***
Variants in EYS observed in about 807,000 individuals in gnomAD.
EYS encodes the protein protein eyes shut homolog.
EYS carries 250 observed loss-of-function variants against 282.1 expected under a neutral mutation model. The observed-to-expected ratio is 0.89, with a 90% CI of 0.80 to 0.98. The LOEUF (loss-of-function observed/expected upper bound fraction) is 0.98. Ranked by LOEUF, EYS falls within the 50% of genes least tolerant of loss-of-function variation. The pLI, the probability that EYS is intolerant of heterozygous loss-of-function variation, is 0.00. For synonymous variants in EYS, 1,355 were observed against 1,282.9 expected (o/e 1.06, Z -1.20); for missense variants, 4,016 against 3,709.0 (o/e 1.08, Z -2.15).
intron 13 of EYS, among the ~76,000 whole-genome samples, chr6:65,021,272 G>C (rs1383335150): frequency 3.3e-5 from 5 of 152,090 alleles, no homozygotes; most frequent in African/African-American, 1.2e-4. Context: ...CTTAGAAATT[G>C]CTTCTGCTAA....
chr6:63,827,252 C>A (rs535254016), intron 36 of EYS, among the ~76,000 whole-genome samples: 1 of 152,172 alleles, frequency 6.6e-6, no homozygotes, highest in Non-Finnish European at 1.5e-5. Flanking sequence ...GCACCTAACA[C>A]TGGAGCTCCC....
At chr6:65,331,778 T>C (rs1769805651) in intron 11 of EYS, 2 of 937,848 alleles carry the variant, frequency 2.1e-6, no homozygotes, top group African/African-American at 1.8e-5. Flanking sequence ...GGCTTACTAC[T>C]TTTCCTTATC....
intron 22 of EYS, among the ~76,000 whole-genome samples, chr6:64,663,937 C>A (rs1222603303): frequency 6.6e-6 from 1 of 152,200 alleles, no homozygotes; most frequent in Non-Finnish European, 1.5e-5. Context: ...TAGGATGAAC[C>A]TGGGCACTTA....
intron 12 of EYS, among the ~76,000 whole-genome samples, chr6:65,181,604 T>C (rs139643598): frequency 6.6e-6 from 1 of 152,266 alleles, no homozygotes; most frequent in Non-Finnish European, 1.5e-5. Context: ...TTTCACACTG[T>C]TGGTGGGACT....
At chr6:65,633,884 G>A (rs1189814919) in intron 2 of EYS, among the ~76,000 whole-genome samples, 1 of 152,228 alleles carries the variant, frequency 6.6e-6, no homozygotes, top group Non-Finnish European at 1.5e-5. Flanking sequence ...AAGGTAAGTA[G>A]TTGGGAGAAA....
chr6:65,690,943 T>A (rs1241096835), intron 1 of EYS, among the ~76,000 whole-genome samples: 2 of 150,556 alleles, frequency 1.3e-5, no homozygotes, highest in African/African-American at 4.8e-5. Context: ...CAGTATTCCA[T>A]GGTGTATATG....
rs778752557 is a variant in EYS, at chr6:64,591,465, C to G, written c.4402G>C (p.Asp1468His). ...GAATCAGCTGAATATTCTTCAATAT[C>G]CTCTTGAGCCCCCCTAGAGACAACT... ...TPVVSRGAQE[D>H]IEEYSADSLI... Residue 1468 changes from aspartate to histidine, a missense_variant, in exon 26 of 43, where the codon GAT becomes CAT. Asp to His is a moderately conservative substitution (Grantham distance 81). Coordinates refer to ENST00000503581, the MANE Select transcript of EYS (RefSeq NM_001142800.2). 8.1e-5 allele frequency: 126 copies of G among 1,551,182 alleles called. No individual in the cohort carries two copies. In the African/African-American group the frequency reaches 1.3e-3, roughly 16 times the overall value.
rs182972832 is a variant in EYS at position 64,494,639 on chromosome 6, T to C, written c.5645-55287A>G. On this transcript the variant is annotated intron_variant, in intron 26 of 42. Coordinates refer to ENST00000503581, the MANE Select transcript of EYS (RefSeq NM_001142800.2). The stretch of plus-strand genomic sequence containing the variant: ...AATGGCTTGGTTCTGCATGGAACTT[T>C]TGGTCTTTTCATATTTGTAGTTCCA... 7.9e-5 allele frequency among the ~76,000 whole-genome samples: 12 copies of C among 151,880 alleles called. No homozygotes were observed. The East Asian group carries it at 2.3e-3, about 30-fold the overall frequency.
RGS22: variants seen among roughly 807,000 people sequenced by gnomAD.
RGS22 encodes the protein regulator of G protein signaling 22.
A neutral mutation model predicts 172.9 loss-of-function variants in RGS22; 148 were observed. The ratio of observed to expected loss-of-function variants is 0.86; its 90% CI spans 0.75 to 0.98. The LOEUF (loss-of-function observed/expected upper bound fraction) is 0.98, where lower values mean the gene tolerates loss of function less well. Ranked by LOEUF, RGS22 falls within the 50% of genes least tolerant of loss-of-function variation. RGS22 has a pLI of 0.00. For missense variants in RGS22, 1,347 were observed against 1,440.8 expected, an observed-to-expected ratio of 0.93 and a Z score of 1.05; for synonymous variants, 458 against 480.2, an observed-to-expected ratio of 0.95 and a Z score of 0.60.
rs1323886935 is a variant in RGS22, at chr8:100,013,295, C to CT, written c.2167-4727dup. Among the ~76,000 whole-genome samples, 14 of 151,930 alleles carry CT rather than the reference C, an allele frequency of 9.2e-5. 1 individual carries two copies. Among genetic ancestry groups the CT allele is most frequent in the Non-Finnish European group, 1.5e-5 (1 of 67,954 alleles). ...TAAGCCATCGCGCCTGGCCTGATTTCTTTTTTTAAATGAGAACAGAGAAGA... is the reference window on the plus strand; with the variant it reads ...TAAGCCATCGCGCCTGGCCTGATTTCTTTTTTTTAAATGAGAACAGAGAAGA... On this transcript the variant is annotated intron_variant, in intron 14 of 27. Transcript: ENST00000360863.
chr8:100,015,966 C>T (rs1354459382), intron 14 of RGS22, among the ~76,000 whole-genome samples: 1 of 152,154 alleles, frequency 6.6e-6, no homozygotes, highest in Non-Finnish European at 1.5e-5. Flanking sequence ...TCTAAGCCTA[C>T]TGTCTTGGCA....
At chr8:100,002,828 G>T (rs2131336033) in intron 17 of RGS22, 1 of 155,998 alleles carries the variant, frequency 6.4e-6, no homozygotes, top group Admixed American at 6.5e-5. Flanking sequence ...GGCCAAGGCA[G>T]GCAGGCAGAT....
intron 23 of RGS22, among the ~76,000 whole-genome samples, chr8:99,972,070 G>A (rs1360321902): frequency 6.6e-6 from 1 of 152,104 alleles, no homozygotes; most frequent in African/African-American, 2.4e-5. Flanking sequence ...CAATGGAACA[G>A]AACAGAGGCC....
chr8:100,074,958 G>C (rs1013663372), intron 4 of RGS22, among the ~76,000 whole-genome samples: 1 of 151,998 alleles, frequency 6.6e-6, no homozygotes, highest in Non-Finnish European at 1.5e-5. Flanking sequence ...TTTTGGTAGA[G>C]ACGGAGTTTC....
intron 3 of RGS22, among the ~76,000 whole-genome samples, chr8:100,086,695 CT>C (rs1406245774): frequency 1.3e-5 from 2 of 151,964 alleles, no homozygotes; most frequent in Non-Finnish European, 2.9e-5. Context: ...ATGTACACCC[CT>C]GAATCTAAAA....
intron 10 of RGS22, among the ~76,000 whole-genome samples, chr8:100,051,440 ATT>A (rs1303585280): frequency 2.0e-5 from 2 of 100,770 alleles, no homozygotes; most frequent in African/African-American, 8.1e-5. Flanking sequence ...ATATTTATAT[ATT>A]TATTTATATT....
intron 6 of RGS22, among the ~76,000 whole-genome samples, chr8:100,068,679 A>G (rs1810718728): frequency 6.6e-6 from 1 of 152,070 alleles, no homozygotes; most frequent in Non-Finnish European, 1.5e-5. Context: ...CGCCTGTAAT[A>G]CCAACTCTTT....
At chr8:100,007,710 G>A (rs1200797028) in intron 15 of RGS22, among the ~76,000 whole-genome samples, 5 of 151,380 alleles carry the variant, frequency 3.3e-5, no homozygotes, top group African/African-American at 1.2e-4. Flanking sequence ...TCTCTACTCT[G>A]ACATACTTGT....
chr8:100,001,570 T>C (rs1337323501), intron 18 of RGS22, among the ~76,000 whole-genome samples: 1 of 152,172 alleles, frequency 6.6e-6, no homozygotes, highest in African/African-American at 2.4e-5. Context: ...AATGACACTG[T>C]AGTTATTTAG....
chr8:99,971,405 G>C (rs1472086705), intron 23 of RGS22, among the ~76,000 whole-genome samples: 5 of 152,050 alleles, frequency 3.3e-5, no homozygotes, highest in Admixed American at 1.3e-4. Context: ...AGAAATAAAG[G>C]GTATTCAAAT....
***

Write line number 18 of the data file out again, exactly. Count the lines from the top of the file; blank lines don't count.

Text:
At chr8:100,002,828 G>T (rs2131336033) in intron 17 of RGS22, 1 of 155,998 alleles carries the variant, frequency 6.4e-6, no homozygotes, top group Admixed American at 6.5e-5. Flanking sequence ...GGCCAAGGCA[G>T]GCAGGCAGAT....